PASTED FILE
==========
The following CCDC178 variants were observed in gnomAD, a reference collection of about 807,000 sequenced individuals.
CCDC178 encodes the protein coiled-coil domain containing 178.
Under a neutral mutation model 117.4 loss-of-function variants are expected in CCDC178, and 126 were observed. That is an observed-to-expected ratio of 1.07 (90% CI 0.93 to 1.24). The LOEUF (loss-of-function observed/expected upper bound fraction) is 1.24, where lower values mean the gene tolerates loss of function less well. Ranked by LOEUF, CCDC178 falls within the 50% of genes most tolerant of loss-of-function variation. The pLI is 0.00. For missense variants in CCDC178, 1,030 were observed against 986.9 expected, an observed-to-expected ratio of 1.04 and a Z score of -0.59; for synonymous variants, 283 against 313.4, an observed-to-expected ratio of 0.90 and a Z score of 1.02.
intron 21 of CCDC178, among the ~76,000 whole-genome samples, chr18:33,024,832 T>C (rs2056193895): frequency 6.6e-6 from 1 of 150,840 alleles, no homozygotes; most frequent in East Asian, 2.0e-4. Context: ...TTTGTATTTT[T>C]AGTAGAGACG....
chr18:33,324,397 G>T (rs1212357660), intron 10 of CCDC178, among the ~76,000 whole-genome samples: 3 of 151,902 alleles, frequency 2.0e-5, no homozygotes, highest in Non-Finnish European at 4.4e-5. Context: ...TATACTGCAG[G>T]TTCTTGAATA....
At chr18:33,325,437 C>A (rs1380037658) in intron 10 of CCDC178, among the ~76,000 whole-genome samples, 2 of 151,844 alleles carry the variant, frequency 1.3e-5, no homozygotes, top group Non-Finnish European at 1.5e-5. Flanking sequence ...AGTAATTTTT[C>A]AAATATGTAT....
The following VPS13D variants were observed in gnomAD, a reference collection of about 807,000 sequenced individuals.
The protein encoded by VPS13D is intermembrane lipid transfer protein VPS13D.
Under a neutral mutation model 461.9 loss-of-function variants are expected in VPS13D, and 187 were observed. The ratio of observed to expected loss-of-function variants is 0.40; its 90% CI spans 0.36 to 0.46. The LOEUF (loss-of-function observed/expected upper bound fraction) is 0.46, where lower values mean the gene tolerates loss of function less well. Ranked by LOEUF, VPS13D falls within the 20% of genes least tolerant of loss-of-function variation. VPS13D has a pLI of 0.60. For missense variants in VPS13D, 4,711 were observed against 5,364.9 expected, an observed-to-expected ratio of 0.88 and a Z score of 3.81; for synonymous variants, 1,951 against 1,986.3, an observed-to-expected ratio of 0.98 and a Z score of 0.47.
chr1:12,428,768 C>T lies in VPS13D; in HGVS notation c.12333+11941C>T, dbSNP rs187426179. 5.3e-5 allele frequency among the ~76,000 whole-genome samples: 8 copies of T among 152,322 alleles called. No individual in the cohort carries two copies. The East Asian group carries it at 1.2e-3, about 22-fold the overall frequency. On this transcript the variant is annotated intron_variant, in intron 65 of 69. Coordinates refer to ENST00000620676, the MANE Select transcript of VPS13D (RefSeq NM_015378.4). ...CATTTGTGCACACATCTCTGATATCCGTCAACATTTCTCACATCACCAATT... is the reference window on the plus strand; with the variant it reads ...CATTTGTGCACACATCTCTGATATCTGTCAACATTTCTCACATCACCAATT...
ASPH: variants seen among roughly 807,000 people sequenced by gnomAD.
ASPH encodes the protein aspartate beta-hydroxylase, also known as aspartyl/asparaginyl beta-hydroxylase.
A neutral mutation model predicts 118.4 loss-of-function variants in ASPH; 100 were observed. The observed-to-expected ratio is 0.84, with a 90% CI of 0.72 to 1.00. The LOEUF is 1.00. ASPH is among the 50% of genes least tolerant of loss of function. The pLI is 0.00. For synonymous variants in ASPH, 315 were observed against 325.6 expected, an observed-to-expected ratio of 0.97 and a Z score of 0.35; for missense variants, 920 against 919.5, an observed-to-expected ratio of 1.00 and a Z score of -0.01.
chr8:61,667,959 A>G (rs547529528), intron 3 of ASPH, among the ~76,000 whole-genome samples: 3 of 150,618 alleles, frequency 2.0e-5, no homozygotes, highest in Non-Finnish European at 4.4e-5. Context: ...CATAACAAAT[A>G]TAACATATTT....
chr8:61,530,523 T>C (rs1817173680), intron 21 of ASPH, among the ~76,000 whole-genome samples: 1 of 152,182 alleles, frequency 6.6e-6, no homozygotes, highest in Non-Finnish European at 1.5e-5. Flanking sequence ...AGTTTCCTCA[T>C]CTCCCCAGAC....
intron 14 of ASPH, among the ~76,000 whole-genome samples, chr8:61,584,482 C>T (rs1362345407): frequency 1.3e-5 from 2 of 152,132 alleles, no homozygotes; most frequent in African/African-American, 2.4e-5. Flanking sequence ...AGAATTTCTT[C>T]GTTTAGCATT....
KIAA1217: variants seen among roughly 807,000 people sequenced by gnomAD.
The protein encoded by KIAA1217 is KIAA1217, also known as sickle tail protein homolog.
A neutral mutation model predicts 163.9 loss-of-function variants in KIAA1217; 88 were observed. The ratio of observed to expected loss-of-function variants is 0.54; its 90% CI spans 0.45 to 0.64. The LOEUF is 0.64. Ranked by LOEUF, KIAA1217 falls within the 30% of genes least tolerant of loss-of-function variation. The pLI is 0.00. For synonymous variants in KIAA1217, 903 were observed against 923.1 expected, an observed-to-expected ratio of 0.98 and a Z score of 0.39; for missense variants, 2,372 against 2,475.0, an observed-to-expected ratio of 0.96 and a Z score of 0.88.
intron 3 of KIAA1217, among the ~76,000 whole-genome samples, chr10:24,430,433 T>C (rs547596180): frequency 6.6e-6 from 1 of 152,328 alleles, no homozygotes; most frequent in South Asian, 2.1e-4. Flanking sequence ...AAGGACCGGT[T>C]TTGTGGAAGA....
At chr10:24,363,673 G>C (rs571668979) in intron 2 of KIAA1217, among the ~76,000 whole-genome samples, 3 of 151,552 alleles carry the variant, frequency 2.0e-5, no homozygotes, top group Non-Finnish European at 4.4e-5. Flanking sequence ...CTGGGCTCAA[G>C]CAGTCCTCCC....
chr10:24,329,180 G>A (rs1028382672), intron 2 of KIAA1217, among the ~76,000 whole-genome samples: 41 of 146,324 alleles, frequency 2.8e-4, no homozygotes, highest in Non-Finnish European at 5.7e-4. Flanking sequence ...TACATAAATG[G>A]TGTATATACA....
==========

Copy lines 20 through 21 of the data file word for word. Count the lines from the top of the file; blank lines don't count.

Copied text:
intron 3 of KIAA1217, among the ~76,000 whole-genome samples, chr10:24,430,433 T>C (rs547596180): frequency 6.6e-6 from 1 of 152,328 alleles, no homozygotes; most frequent in South Asian, 2.1e-4. Flanking sequence ...AAGGACCGGT[T>C]TTGTGGAAGA....
At chr10:24,363,673 G>C (rs571668979) in intron 2 of KIAA1217, among the ~76,000 whole-genome samples, 3 of 151,552 alleles carry the variant, frequency 2.0e-5, no homozygotes, top group Non-Finnish European at 4.4e-5. Flanking sequence ...CTGGGCTCAA[G>C]CAGTCCTCCC....